On a clear night, go outside, lie on your back, and stare into the sky. As you gaze at the multitude of stars, you might wonder: Is there life on other planets out there? "That's one of the great questions of humanity," says David Wettergreen. He's a robotics scientist at Carnegie Mellon University in Pittsburgh. "Are we alone or not?" Wettergreen asks. "You can spend your whole life pondering this question." Instead of just thinking about the question, Wettergreen wants to answer it. And he's getting funds from the National Aeronautics and Space Administration (NASA) to help find an answer. The space agency has a project called the Astrobiology Science and Technology Program for Exploring Planets (ASTEP). Astrobiology is the study of life in the universe. One way that NASA researchers have looked for signs of life in outer space is by sending signals into the void and listening for a response. So far, these messages have turned up nothing but silence. Wettergreen has a different strategy, and it begins right here on Earth. Earlier this month, he and his team traveled to one of the driest, most desolate places on the planetóthe Atacama Desert in northern Chile. Conditions there are similar to conditions on Mars. And, because the landscape is so dry, scientists argue about whether any sort of life could possibly survive in the desert on its own. In the Atacama, Wettergreen and a team of researchers use an equipment-loaded robot to search for pockets of life. The scientists want to learn if, how, and why anything can survive in such harsh conditions. "Our ultimate goal is to discover something unique about the Atacama," says Wettergreen. In a broader sense, he says, the techniques used on the mission could eventually help astrobiologists explore other parts of the solar system. "We're trying to learn about the desert," Wettergreen says, "and about how you go looking for life." Roving robot The team's most valuable member is not a person. It's a robot named ZoŽ. ZoŽ happens to be the Greek word for "life." ZoŽ is about the size of an office desk. It's 1 meter high and 2 meters wide, and it weighs about 180 kilograms. Its top speed is 1.2 meters per second. It carries an array of solar cells on its back to collect energy from the sun. The robot is similar to the rovers Spirit and Opportunity, which are currently on Mars. The scientists give ZoŽ a general program telling it what to do. The vehicle then explores the landscape. As it cruises around, ZoŽ sends data back to the researchers. Nobody drives it, and there's no remote control. Using a robot allows the researchers to take frequent measurements over a large area, creating a sort of catalog of what's out there. Last year, the team spent about a month in the Atacama just developing and testing instruments for ZoŽ. The robot carries three sophisticated cameras that record everything in very clear, color images. To mimic the 3-dimensional view that a person would have while walking around, the cameras sit close to each other just above eye-level. To detect microscopic life on the ground, ZoŽ carries a fluorescence imager. Fluorescence occurs when a substance absorbs certain kinds of electromagnetic radiation, such as ultraviolet light or x-rays, and gives off visible light of a particular color in return. As soon as the ultraviolet light or other source is turned off, the substance stops giving off visible light. Because different materials absorb and give off different colors of light, ZoŽ can detect and distinguish between various kinds of minerals and molecules. ZoŽ also carries a spectrometer, which analyzes how objects in the soil reflect light. The spectrometer detects which particular colors, of wavelengths, of visible and infrared light are reflected by soil particles. Like fingerprints, particular patterns of wavelengths correspond to different minerals. The robot also has a plow that can turn over rocks and dig into the soil, allowing the fluorescence imager and spectrometer to examine what's under the surface. Field life Even though the robot does much of the work during the research mission, life in the field isn't easy for the researchers. "We work from dawn until dusk, 7 days a week," Wettergreen says. The scientists and technicians have to make sure that ZoŽ is working correctly, and they must sift through loads of data transmitted by the robot. The environment can be hard to adjust to. Less than a centimeter of rain falls on the Atacama every year. A bone dry, rocky landscape stretches as far as the eye can see. There are no trees, no lakes, no little animals scurrying around. The only contrast is the brilliantly blue, cloudless sky above. "In the Atacama, you see rock and soil in all directions and really nothing else," Wettergreen says. "When you look up, it's blue. When you look down, it's brown. With the midday sun overhead beating down on you, it does seem desolate." Still, Wettergreen and his colleagues are convinced that there is more to the Atacama than meets the eye, and they're determined to prove it. "We are finding that the desert is not uniform," he says. "There are microhabitats, small oases. Sometimes a single rock provides shelter or a trap for moisture." Water is often the first sign that there might be life around. If ZoŽ finds good ways to look for these hidden specks of life, scientists might eventually make similar discoveries on Mars and beyond. That would answer one of life's biggest questions, and stargazing would gain a whole new meaning.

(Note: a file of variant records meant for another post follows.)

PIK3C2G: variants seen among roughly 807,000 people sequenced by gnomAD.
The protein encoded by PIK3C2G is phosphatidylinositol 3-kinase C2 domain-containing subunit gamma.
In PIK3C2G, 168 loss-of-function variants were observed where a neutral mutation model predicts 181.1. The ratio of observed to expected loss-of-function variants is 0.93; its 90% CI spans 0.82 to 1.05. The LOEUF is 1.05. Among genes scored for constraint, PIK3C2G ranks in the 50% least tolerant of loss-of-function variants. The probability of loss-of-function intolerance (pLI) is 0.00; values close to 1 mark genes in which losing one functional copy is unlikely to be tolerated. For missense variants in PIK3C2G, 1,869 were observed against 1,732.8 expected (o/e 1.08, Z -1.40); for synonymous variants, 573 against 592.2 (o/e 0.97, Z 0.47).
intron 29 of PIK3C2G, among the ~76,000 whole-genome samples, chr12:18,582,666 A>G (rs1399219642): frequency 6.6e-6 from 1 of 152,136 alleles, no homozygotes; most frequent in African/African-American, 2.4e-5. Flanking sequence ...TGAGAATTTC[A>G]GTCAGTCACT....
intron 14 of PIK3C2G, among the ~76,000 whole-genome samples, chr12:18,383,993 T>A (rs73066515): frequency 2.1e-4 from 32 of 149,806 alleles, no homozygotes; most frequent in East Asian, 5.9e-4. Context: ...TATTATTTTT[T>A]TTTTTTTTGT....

Searching for Alien Life
Searching for Alien Life








Designed and Powered by HBJamaica.com™